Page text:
Supersonic Soviet Style

The world’s first, heaviest and biggest supersonic airliner took to the skies on the last day of 1968 and six months later, on June 5, 1969, accelerated through the sound barrier for the first time. The machine in question is not Concorde. This is the story of the Soviet Union’s Tupolev Tu-144, as told by Charles Kennedy.

The 1960s was a decade of technocratic futurism in the Soviet Union, flush as it was with a string of space-age achievements.

Its successes included Sputnik in 1958; the Vostok programme, which was the first to put a man in space (Yuri Gagarin) in April 1961; and the first female cosmonaut (Valentina Tereshkova) in June 1963.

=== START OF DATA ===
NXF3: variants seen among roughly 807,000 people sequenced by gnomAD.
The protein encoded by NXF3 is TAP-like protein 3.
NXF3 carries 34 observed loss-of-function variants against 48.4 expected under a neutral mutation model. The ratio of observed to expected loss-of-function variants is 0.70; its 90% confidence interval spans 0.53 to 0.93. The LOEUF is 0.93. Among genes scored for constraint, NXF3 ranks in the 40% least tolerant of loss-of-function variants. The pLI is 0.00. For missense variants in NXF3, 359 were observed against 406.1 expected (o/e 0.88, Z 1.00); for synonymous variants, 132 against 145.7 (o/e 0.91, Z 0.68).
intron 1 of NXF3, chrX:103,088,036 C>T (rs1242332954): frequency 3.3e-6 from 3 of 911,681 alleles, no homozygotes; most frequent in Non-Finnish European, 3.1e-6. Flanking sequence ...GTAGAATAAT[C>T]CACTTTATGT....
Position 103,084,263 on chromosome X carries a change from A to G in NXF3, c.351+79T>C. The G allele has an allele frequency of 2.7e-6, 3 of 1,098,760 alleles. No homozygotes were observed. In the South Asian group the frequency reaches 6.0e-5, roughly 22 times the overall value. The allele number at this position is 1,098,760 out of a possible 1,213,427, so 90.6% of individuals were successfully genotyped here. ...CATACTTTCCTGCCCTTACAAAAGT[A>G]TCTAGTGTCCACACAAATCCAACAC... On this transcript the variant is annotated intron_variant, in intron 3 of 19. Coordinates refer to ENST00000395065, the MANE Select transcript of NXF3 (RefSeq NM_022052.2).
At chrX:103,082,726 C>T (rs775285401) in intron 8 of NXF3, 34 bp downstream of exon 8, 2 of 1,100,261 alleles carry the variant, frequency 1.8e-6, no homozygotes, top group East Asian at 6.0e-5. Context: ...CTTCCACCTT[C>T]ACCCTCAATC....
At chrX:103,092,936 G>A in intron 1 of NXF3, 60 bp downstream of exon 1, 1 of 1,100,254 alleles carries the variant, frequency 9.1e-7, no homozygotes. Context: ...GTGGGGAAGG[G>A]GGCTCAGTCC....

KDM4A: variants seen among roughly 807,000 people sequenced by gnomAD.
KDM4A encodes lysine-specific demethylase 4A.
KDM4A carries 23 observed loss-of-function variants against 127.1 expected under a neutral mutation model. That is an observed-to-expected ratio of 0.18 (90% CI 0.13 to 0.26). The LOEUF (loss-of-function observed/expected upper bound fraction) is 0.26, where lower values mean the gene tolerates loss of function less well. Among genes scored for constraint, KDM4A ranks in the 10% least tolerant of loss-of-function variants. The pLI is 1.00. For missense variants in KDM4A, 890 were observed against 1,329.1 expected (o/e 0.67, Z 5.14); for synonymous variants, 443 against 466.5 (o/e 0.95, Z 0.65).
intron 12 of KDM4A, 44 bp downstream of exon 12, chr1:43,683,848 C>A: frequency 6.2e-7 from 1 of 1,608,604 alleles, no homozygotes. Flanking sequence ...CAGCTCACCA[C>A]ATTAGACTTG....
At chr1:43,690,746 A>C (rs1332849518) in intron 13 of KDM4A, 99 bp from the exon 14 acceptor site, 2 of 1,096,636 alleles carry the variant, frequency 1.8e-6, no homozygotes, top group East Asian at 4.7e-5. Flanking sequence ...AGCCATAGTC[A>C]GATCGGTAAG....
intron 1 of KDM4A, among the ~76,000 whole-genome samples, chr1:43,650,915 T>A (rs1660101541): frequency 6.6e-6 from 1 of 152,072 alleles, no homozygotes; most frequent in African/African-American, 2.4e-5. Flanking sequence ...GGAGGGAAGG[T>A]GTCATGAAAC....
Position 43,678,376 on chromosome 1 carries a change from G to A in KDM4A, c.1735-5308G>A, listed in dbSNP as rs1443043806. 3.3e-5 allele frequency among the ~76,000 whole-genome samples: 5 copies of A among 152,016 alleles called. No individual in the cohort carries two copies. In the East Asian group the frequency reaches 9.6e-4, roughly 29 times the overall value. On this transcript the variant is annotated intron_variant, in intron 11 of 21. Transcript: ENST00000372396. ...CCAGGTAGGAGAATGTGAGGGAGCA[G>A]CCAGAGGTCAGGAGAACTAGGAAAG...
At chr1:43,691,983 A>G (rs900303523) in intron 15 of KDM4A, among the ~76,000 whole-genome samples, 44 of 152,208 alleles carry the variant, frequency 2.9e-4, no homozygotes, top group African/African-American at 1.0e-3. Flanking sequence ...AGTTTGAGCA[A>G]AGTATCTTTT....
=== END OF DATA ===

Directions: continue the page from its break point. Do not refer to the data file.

Technology as an antidote for societal ills captured the imagination of the Soviet elite – and what could be a better dividend to be paid out to the masses in a country that covered one-sixth of the world’s landmass than a supersonic airliner?

Tupolev conducted the maiden flight of the Tu-144 on December 31, 1968, breaking the sound barrier for the first time six months later.

Cold War Games

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